DoS: The story behind the story

It is little understood that the Denial-of-Service attacks do not enable access to confidential data, nor do they jeopardise system integrity. They merely knock a system offline.

Few people may understand the precise mechanics of a DoS attack, save that it enlists a number of systems to converge on a single Internet server or site at a command from a remote terminal. What is more downplayed in media coverage is that the attacks do not enable access to confidential data, nor do they jeopardise system integrity. They merely knock a system offline. In this, they are the least of security worries in an environment that has seen much more serious breaches.

Nonetheless, a great deal of worry was generated by the DoS attacks on Yahoo! eBay, ZDNet and other high-profile service providers, in spite of the fact that very little actually happened. Kevin Pursglove, a spokesperson for eBay, says that though the e-commerce site was under attack for a number of hours on February 8, there was no damage and not even any significant interruption to the site's operations.

"The material impact was minor," he says. "We were able to stay active the whole time. And we were very much aware that an attack of this nature could occur. Members of our security team began to notice some strange activity, and they responded immediately."

Pursglove blames much of the negative press generated by the attacks on media representatives who did not fully understand the nature of the attacks, nor the aptitude of the security teams working on the problem. Two days after the attacks, when the situation was more than under control, there was still an army of news vans flooding the lot at eBay's San Jose headquarters.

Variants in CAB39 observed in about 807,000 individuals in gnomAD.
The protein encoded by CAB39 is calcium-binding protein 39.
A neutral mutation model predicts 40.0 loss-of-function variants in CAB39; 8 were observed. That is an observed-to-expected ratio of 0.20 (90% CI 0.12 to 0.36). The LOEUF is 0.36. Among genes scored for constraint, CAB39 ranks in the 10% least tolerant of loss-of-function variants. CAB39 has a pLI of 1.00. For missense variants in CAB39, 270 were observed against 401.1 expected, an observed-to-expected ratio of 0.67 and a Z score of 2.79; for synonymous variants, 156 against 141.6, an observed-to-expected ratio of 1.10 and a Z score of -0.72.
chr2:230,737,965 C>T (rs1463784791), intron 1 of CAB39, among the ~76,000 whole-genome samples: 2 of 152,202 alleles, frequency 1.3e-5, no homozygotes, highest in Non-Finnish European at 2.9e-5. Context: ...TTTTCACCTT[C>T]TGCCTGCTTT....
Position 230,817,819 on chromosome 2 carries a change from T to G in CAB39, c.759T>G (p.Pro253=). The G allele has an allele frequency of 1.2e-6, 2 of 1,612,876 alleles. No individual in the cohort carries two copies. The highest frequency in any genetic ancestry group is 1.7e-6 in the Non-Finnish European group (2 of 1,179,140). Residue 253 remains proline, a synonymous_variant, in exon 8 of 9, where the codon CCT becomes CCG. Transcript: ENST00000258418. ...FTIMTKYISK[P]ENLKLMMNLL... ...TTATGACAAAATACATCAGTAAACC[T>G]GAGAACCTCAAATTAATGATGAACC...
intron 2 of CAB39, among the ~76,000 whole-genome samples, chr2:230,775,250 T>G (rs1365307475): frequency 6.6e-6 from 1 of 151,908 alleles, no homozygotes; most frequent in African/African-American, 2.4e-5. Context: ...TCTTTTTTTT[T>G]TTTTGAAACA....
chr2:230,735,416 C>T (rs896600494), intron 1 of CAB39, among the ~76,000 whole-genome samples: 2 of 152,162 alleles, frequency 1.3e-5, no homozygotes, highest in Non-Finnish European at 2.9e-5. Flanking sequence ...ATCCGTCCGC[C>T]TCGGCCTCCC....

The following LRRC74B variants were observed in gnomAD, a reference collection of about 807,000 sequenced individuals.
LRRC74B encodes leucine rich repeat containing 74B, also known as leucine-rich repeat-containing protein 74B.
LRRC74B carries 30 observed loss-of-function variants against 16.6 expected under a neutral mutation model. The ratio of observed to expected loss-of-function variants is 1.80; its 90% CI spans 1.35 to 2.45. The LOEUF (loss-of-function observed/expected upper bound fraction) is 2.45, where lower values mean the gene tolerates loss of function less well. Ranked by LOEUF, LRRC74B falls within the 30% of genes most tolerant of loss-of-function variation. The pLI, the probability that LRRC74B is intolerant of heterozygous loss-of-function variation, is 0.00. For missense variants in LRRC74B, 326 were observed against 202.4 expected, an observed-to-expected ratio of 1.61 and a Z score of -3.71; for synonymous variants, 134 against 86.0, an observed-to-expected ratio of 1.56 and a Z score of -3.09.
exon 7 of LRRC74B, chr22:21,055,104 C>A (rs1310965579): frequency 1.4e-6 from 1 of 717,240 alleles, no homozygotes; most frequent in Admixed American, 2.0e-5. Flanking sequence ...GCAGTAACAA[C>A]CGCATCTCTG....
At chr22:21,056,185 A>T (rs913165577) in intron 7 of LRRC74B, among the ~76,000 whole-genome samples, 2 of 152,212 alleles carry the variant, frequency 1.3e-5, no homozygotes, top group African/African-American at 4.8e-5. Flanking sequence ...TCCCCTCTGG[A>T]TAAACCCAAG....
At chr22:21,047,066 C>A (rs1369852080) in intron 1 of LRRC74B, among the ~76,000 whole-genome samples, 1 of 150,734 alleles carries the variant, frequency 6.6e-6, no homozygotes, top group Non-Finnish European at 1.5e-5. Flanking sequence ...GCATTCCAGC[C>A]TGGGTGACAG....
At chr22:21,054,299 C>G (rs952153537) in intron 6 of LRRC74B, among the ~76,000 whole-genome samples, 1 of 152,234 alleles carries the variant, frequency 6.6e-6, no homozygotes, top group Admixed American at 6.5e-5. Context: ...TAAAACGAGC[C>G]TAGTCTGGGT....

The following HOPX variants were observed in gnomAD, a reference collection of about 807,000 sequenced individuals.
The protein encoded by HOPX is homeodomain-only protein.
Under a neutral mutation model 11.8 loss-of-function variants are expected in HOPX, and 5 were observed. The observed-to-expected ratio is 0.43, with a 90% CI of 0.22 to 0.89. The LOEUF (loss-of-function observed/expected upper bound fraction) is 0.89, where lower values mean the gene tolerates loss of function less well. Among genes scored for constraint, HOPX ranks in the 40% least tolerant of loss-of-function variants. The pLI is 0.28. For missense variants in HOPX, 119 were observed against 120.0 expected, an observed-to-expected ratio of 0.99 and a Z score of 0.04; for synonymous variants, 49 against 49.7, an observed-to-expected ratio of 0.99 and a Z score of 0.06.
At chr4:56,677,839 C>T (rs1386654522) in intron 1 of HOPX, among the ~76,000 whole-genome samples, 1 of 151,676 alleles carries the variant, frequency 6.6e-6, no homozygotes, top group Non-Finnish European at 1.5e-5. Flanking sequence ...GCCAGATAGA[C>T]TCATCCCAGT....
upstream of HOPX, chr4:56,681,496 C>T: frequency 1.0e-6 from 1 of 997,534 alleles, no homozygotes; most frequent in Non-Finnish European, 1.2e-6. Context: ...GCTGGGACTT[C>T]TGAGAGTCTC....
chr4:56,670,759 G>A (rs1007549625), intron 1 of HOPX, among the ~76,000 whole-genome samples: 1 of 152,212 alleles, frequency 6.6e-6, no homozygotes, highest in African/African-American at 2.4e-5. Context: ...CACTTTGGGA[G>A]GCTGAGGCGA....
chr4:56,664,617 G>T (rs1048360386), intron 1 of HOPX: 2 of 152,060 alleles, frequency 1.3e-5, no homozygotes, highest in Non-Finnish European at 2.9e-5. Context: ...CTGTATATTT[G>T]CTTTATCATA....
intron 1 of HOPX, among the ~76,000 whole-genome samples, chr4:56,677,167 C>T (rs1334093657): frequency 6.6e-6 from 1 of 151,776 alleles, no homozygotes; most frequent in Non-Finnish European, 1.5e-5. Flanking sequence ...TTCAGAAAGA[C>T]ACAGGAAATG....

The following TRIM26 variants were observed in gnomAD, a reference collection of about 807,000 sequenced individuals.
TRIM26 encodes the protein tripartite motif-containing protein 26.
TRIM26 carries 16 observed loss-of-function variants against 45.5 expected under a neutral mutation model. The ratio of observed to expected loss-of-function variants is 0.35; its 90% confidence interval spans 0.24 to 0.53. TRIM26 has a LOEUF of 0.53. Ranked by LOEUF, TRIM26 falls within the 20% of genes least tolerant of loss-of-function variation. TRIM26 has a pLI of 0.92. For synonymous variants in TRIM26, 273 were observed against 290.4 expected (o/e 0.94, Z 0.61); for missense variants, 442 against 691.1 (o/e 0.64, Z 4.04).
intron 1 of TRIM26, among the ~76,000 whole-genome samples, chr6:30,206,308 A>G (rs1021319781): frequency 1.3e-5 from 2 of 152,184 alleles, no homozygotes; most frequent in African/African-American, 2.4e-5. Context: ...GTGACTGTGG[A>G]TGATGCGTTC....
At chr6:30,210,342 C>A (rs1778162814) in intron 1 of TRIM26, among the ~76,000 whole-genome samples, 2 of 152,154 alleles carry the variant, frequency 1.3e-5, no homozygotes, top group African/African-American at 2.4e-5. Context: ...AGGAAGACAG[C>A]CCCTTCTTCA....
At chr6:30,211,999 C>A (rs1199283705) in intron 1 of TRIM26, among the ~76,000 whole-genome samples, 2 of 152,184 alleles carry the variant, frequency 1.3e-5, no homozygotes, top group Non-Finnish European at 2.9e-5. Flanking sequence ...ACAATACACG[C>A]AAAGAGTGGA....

"Many reporters made inaccurate assumptions about the nature of the attacks," he says. "If you call a company for fifteen minutes and you get a busy signal, you don't complain to the telephone company and you don't stop using your phone."

Likewise, Yahoo! responded to the attacks quickly. Helena Moss of NRW Public Relations says that during the attack, Yahoo! installed rate filters, which detect large amounts of mock traffic and block it. Rate filters are not new technology, but their application during the incident has certainly made them an invaluable security tool.

In this instance, hackers forced companies to rally their resources and to find new solutions for new problems. Such positive fallout is the direct result of the ingenuity of the hacker at discovering holes in security. And if it's greater safety ISPs and e-commerce sites are after, then they need look no further than hackers, whether they are in their employ as security consultants or not.

with additional research by Tammy Lawrence

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